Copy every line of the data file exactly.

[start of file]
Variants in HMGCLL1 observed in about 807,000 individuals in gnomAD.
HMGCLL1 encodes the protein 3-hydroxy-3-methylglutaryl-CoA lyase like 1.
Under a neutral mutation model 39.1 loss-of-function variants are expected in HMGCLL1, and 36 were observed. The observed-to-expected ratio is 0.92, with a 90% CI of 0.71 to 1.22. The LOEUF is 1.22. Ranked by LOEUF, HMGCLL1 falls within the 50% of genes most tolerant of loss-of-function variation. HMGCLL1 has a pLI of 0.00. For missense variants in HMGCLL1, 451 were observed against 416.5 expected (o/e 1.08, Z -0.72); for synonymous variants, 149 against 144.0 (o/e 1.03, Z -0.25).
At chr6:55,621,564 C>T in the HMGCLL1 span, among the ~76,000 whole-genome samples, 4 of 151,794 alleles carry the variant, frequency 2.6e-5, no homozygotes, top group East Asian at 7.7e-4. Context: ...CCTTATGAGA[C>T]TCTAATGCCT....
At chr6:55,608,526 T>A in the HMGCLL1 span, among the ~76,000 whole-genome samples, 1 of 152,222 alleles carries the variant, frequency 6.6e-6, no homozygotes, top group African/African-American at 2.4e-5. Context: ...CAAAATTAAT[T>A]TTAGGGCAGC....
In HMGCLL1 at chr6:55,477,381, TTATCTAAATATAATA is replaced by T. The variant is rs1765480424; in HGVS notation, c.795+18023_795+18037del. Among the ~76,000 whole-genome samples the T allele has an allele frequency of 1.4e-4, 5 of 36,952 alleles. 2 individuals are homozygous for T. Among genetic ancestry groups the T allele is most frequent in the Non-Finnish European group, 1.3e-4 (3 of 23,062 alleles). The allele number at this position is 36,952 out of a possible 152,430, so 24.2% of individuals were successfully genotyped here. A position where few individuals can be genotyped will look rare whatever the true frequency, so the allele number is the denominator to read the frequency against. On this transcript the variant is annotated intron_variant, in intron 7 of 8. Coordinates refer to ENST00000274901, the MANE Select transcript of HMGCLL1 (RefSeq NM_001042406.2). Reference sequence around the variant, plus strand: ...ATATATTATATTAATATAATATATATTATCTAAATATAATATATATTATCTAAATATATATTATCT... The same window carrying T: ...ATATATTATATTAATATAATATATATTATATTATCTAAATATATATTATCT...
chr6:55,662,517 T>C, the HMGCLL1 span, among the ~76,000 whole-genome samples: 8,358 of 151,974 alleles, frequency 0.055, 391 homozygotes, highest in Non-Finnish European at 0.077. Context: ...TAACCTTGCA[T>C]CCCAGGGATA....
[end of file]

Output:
Variants in HMGCLL1 observed in about 807,000 individuals in gnomAD.
HMGCLL1 encodes the protein 3-hydroxy-3-methylglutaryl-CoA lyase like 1.
Under a neutral mutation model 39.1 loss-of-function variants are expected in HMGCLL1, and 36 were observed. The observed-to-expected ratio is 0.92, with a 90% CI of 0.71 to 1.22. The LOEUF is 1.22. Ranked by LOEUF, HMGCLL1 falls within the 50% of genes most tolerant of loss-of-function variation. HMGCLL1 has a pLI of 0.00. For missense variants in HMGCLL1, 451 were observed against 416.5 expected (o/e 1.08, Z -0.72); for synonymous variants, 149 against 144.0 (o/e 1.03, Z -0.25).
At chr6:55,621,564 C>T in the HMGCLL1 span, among the ~76,000 whole-genome samples, 4 of 151,794 alleles carry the variant, frequency 2.6e-5, no homozygotes, top group East Asian at 7.7e-4. Context: ...CCTTATGAGA[C>T]TCTAATGCCT....
At chr6:55,608,526 T>A in the HMGCLL1 span, among the ~76,000 whole-genome samples, 1 of 152,222 alleles carries the variant, frequency 6.6e-6, no homozygotes, top group African/African-American at 2.4e-5. Context: ...CAAAATTAAT[T>A]TTAGGGCAGC....
In HMGCLL1 at chr6:55,477,381, TTATCTAAATATAATA is replaced by T. The variant is rs1765480424; in HGVS notation, c.795+18023_795+18037del. Among the ~76,000 whole-genome samples the T allele has an allele frequency of 1.4e-4, 5 of 36,952 alleles. 2 individuals are homozygous for T. Among genetic ancestry groups the T allele is most frequent in the Non-Finnish European group, 1.3e-4 (3 of 23,062 alleles). The allele number at this position is 36,952 out of a possible 152,430, so 24.2% of individuals were successfully genotyped here. A position where few individuals can be genotyped will look rare whatever the true frequency, so the allele number is the denominator to read the frequency against. On this transcript the variant is annotated intron_variant, in intron 7 of 8. Coordinates refer to ENST00000274901, the MANE Select transcript of HMGCLL1 (RefSeq NM_001042406.2). Reference sequence around the variant, plus strand: ...ATATATTATATTAATATAATATATATTATCTAAATATAATATATATTATCTAAATATATATTATCT... The same window carrying T: ...ATATATTATATTAATATAATATATATTATATTATCTAAATATATATTATCT...
chr6:55,662,517 T>C, the HMGCLL1 span, among the ~76,000 whole-genome samples: 8,358 of 151,974 alleles, frequency 0.055, 391 homozygotes, highest in Non-Finnish European at 0.077. Context: ...TAACCTTGCA[T>C]CCCAGGGATA....